Tesla CEO Elon Musk definitely seems to be following a playbook that’s been adopted by some of the world’s most influential business personalities. During a meeting with Twitter’s employees, Musk confirmed that Tesla does not do market surveys. The company simply makes products that it is convinced people would love.
When asked about what he believes should be Twitter’s top-line metrics, Musk clarified that he does not want the social media company to be overly-focused on meeting metrics. According to Musk, being overly-focused on metrics could end up making employees no different than AI. He then highlighted that it’s pertinent to focus on whether the company is “making the product amazing.”
“At Tesla, we do no market surveys, no market testing. We just make cars that we love and that we are convinced people will love. That’s it. And Tesla outsells everyone. Tesla outsells all the people that are focused on the metrics, all the people that do the market surveys, outsells all of them. Because we focus on making the product amazing, and that’s what matters,” Musk said.
Musk’s words ring true, especially since Tesla adopts a pretty unique strategy for its operations. The company does not utilize traditional advertisements, instead relying on word of mouth. Its vehicles also tend to not follow conventional automotive trends, as shown in the Model 3’s once-controversial interior and the Cybertruck’s still-polarizing exterior design. It is these that make Tesla a compelling carmaker until today.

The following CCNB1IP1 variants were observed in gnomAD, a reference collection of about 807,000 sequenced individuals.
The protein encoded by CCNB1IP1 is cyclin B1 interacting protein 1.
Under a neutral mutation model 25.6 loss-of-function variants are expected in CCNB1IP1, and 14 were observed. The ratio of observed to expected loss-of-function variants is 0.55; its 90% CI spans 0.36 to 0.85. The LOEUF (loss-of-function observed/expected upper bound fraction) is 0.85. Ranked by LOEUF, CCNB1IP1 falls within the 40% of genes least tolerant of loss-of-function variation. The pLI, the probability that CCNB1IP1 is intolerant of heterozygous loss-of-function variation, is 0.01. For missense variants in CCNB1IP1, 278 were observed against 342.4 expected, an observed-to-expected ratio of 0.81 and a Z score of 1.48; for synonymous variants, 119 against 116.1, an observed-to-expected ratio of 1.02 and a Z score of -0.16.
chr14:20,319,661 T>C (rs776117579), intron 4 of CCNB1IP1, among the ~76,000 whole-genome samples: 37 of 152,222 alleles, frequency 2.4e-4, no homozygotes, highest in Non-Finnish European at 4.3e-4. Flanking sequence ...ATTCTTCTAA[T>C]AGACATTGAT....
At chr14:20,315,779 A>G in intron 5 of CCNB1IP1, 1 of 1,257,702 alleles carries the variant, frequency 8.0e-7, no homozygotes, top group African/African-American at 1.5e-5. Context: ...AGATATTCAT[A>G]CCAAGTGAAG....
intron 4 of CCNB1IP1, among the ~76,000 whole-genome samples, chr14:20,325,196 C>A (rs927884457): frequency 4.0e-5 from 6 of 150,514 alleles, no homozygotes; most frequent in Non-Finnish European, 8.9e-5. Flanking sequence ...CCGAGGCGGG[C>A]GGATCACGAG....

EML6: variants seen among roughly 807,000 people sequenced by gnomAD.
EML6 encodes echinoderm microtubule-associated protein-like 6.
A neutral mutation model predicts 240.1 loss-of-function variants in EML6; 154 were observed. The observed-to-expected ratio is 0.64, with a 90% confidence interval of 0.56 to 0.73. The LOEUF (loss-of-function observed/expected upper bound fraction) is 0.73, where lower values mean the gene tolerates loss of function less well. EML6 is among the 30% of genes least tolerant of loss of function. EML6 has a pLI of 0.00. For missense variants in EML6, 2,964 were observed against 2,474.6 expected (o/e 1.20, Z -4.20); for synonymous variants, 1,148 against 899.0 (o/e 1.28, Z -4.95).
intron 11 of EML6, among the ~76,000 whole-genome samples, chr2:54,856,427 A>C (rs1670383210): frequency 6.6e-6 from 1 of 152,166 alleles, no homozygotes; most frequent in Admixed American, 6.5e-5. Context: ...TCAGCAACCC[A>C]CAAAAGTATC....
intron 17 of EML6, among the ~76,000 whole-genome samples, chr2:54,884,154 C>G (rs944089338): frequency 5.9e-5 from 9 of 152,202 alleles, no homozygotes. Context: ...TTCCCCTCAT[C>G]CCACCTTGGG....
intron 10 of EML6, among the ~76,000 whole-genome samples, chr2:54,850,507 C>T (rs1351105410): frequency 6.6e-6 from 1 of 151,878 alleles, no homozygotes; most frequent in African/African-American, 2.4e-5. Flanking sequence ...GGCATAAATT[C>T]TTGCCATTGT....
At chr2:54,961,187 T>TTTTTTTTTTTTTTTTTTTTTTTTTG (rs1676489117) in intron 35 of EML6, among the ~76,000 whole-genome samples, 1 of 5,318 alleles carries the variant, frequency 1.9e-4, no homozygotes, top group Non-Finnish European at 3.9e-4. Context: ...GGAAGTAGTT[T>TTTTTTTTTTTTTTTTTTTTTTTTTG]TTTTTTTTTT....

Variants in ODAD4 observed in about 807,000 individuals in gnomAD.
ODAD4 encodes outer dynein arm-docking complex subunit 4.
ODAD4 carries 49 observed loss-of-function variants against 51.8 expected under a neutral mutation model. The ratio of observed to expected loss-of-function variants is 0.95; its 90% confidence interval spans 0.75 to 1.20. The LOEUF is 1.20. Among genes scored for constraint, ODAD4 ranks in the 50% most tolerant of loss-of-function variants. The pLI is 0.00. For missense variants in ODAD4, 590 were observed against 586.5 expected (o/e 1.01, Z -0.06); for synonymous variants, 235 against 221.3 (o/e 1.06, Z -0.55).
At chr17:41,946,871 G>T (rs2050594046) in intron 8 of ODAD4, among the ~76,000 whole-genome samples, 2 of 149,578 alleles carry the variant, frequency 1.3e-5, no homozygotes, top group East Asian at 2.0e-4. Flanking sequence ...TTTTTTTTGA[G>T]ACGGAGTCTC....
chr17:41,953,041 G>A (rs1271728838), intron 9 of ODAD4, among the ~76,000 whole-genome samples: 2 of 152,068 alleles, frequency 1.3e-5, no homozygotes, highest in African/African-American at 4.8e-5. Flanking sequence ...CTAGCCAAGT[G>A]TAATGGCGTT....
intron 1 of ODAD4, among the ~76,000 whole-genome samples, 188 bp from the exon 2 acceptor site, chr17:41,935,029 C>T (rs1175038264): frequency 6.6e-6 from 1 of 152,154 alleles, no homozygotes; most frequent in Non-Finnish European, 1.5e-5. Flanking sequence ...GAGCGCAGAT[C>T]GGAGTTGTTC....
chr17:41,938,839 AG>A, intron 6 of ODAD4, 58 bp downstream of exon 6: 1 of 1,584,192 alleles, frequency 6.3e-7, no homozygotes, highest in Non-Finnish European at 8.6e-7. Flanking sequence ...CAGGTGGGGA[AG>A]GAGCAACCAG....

Interestingly enough, Musk’s tendency to stay away from market surveys reflects the strategy of some of the world’s most notable innovators. Apple co-founder Steve Jobs, who brought groundbreaking products such as the iPad and the iPhone to market, also admitted that the tech company does not do market research.
During an interview with Businessweek in 1998, Jobs noted that it’s actually pretty difficult to design products by focus groups. “It’s really hard to design products by focus groups. A lot of times, people don’t know what they want until you show it to them,” Jobs said. This seemed to be a mantra that Jobs kept until his death, with Apple rolling out such devices like the iPod and the iPhone, both of which changed the landscape of their respective industries.